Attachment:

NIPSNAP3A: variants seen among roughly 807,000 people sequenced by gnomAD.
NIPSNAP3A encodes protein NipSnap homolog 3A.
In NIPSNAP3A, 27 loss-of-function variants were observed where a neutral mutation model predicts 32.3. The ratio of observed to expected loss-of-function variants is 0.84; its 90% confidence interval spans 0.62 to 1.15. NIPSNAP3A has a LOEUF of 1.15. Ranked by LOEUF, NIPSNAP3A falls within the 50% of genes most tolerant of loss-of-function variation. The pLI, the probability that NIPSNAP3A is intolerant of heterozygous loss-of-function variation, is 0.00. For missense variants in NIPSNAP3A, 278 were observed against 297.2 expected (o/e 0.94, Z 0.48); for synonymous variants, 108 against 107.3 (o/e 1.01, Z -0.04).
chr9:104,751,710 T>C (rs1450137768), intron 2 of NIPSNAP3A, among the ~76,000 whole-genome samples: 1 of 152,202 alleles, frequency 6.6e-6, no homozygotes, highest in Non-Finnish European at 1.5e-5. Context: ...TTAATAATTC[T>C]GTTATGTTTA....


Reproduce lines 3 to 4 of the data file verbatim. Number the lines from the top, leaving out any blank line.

In NIPSNAP3A, 27 loss-of-function variants were observed where a neutral mutation model predicts 32.3. The ratio of observed to expected loss-of-function variants is 0.84; its 90% confidence interval spans 0.62 to 1.15. NIPSNAP3A has a LOEUF of 1.15. Ranked by LOEUF, NIPSNAP3A falls within the 50% of genes most tolerant of loss-of-function variation. The pLI, the probability that NIPSNAP3A is intolerant of heterozygous loss-of-function variation, is 0.00. For missense variants in NIPSNAP3A, 278 were observed against 297.2 expected (o/e 0.94, Z 0.48); for synonymous variants, 108 against 107.3 (o/e 1.01, Z -0.04).
chr9:104,751,710 T>C (rs1450137768), intron 2 of NIPSNAP3A, among the ~76,000 whole-genome samples: 1 of 152,202 alleles, frequency 6.6e-6, no homozygotes, highest in Non-Finnish European at 1.5e-5. Context: ...TTAATAATTC[T>C]GTTATGTTTA....